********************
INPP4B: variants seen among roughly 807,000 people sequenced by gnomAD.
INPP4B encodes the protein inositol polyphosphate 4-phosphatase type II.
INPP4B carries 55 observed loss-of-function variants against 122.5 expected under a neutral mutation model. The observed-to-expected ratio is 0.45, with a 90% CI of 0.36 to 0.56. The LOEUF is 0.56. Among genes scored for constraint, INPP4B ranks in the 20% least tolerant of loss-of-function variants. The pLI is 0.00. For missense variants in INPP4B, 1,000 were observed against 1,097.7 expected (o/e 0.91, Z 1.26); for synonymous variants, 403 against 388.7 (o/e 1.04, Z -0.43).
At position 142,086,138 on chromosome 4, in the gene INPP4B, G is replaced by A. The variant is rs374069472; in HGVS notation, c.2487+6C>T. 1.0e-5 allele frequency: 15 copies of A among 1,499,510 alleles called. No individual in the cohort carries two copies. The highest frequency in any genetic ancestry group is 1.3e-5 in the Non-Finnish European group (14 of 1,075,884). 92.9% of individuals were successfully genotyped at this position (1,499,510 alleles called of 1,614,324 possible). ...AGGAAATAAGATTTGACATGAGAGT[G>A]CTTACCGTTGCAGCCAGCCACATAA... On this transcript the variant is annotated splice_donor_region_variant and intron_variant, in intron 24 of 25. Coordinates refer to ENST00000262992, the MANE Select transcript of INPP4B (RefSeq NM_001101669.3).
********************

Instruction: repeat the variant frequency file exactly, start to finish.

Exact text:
INPP4B: variants seen among roughly 807,000 people sequenced by gnomAD.
INPP4B encodes the protein inositol polyphosphate 4-phosphatase type II.
INPP4B carries 55 observed loss-of-function variants against 122.5 expected under a neutral mutation model. The observed-to-expected ratio is 0.45, with a 90% CI of 0.36 to 0.56. The LOEUF is 0.56. Among genes scored for constraint, INPP4B ranks in the 20% least tolerant of loss-of-function variants. The pLI is 0.00. For missense variants in INPP4B, 1,000 were observed against 1,097.7 expected (o/e 0.91, Z 1.26); for synonymous variants, 403 against 388.7 (o/e 1.04, Z -0.43).
At position 142,086,138 on chromosome 4, in the gene INPP4B, G is replaced by A. The variant is rs374069472; in HGVS notation, c.2487+6C>T. 1.0e-5 allele frequency: 15 copies of A among 1,499,510 alleles called. No individual in the cohort carries two copies. The highest frequency in any genetic ancestry group is 1.3e-5 in the Non-Finnish European group (14 of 1,075,884). 92.9% of individuals were successfully genotyped at this position (1,499,510 alleles called of 1,614,324 possible). ...AGGAAATAAGATTTGACATGAGAGT[G>A]CTTACCGTTGCAGCCAGCCACATAA... On this transcript the variant is annotated splice_donor_region_variant and intron_variant, in intron 24 of 25. Coordinates refer to ENST00000262992, the MANE Select transcript of INPP4B (RefSeq NM_001101669.3).